See? You, the dominant culture, really can't do whatever you want. Unfortunately, the dominant culture does it anyway and this -- not fully understanding the thing that you are taking from a culture that you dominate -- is what nurtures and informs lots of stereotypes, misunderstandings and hate.

(If you're at all curious as to what a Native American of the Plains thinks of this hot mess, click here.)

Not surprisingly, white people are shifting their attention from Native American headdresses to African-American Afros. My natural hair has always been a point of contention (more on that some other time) but this is especially insidious, in part because of that oh-so-ignorant counter argument: black women straighten their hair so why can't white women kink theirs up?

I'll tell you why.

 White people have made laws that deny black women the right to wear their hair naturally. Black women are systematically fired, because Blackness.  You are openly considered unprofessional and yes, downright filthy, if you have an Afro.  You are hounded, you are threatened with flat-out expulsion, if you have an Afro.  Black women can't even wear their hair in its natural state in the military. Think about that: if a black woman wants a career in the military -- if she is willing to die for her country -- she has to straighten her hair. Make no mistake: this means painful chemical treatments, expensive weaves, whatever it takes. Anything but an Afro.

If you are a black woman in America, your hair is a battleground -- and it always has been.

At the other end of the table, there are no laws against white women wearing their hair in its natural state.  No one is governing their hair or controlling their hair. Likening their hair to that of a farm animal or some wild beast isn't a part of the lexicon of our culture.  No one is telling them that the texture of their natural hair makes them patently unattractive. They can do whatever they like -- even if whatever they like is my Afro.

Don't get it twisted. So many of us have learned the hard way to love our natural hair.  But white people don't love our natural hair. Unless it's on their heads.  And then they love it a lot. How ironic is that?



Allure should apologize profusely, retract that article immediately and hire a jillion black women to contribute op-eds, beautiy tips and the like, to tilt this situation in the other direction until it levels off. At the very least, they should keep a black friend on hand, someone that isn't afraid to tell them when they're completely off base. Unfortunately -- like those drunken (white) party people at Coachella -- they're way too ignorant, way too out of touch with reality and way too high on their own sense of entitlement and privilege for anything that sensible.  Or empathetic.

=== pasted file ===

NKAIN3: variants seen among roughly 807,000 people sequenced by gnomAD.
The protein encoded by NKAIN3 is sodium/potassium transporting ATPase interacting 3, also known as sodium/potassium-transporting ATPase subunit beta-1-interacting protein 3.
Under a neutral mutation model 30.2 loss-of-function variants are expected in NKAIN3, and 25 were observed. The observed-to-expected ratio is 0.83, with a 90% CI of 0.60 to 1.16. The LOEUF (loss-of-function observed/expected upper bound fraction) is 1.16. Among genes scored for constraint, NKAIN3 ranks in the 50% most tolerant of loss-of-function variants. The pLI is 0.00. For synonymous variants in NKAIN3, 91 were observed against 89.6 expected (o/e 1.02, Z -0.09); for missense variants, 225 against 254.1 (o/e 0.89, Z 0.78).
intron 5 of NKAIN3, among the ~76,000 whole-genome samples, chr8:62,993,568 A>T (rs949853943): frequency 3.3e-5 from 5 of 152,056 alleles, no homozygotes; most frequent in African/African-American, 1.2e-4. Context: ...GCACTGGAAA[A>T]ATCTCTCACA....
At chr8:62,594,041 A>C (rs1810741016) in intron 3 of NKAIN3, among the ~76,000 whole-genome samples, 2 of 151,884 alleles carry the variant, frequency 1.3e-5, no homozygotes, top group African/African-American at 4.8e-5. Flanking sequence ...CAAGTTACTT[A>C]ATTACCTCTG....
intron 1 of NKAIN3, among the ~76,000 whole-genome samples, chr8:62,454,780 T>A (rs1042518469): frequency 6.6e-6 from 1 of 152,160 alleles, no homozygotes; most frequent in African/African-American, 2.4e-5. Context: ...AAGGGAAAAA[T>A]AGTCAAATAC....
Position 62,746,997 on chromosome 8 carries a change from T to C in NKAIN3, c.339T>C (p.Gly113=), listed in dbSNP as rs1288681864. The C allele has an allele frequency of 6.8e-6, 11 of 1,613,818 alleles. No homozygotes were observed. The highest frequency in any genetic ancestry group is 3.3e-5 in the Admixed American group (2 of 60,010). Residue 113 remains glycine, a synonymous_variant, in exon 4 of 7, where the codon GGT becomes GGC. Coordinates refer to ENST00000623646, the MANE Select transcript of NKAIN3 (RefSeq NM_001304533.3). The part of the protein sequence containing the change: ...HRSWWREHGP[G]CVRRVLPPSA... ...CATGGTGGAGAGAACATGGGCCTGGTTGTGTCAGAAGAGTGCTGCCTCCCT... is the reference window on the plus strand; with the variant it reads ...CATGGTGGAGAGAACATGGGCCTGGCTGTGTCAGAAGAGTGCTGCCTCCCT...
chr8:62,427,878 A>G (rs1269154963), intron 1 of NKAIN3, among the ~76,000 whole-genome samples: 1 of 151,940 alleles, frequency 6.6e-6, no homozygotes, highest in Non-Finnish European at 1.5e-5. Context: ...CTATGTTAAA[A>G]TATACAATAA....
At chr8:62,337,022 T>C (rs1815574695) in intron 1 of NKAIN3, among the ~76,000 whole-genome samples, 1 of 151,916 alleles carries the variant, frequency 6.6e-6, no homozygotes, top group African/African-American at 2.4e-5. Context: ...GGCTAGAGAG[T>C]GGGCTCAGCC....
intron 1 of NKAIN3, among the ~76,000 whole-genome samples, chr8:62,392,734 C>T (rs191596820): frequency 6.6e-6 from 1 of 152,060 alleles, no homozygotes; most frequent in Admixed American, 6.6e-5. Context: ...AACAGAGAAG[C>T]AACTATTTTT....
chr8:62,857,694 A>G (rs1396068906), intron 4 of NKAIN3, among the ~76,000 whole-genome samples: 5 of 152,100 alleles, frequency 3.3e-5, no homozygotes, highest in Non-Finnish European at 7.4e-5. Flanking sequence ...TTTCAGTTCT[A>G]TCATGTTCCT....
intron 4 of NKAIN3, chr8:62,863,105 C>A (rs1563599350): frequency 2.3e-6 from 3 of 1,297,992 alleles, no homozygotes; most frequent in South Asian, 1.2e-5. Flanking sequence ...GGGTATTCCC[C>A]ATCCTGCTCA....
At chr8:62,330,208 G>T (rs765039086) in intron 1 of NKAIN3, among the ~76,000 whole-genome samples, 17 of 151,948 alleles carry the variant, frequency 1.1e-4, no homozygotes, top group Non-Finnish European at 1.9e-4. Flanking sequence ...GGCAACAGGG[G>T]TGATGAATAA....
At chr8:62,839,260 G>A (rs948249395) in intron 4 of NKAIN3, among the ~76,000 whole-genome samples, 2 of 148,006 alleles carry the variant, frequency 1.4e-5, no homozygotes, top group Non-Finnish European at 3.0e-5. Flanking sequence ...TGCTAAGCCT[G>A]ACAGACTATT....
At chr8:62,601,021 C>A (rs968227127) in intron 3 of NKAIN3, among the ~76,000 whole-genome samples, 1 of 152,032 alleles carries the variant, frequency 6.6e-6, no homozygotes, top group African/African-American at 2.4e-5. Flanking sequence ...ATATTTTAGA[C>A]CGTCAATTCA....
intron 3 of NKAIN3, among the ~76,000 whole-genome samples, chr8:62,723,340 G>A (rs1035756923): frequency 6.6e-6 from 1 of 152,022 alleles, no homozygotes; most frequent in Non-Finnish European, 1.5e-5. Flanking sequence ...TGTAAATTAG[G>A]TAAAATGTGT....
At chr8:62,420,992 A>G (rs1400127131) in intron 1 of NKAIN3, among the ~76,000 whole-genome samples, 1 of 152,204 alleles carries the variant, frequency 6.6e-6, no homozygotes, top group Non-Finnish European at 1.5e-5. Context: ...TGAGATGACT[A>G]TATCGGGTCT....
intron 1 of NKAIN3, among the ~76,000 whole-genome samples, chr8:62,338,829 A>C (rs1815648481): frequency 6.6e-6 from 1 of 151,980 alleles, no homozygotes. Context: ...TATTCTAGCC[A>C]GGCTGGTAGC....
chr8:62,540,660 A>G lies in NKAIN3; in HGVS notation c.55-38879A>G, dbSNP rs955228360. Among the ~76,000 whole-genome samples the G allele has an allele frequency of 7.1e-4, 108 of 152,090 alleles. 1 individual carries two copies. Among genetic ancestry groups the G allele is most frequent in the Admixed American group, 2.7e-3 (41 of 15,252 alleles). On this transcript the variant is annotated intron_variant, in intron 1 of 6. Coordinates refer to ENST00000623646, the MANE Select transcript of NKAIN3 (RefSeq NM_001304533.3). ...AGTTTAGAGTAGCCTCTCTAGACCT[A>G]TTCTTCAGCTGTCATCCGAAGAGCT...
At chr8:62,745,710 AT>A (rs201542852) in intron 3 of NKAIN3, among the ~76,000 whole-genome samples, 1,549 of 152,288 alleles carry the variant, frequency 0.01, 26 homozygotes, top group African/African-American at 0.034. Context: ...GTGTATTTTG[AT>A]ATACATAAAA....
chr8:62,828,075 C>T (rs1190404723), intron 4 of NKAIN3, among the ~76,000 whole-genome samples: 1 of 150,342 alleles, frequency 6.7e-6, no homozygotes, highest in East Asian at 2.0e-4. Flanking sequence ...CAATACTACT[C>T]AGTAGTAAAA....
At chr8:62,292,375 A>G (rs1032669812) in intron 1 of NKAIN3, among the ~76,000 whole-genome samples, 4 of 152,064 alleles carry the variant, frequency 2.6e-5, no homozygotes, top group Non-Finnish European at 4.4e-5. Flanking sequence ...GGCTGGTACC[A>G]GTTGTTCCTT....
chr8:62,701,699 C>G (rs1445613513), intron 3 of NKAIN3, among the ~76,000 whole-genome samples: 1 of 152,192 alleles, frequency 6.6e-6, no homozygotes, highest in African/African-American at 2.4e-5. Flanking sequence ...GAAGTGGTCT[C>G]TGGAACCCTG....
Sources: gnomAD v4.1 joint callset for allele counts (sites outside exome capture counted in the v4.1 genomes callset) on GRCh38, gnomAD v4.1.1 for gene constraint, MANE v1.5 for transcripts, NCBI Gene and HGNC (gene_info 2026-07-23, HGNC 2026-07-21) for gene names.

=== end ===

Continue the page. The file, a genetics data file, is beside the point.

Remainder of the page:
Monday, August 03, 2015

NaBloPoMo for August: KNOW


Interesting topic for this month's BlogHer NaBloPoMo, especially in light of all the misinformation that is constantly being spewed at me from every direction -- KNOW.

All I know is that I know nothing, sure. When it's time to find some things out, that's when all the balloons go right out the window.  I end up asking the same questions over and over again: Is anything well curated?  Can any news source be trusted? Does anyone know how to think critically? Do we know what's really going on -- or are we so buried in a never-ending avalanche of consumerism, branding, punditry and reality TV that we don't even care anymore?

All of this is compounded by those who don't know how to listen, those who don't know how to talk, those who don't know the difference between an opinion and a fact -- and of course, bad nutrition.  You can't think clearly if you don't get all the nutrients you need.

What's the first sign of bad nutrition? Apathy.  

I think I know and then I keep digging and I know more -- or less.  Not opinions. Because repeating your opinion over and over again authoritatively won't make it a fact. To wit: Obama is not a secret Muslim.  There were never any death panel provisions in Obamacare.  Planned Parenthood is not selling baby parts.  Blah, blah, blah.

I am intellectually curious.  I keep asking stupid questions and I'm not ever really satisfied with the answers I get. They usually lead to something else to get curious about. I pull the string until the whole sweater comes undone -- and then I go and start picking something else apart...

Sunday, August 02, 2015

Sunday Sermonette: Sister Rosetta Tharpe -- That's All

Here's more of Sister Rosetta Tharpe -- guitar slinger, songwriter, vocalist, gospel shouter and rock and roll trailblazer -- burning it down as usual in Paris (where else?) with the gospel number That's All.

She is, without question, the undisputed Godmother of Rock and Roll.  To watch a pretty cool documentary about her life and times so you'll know why, click here.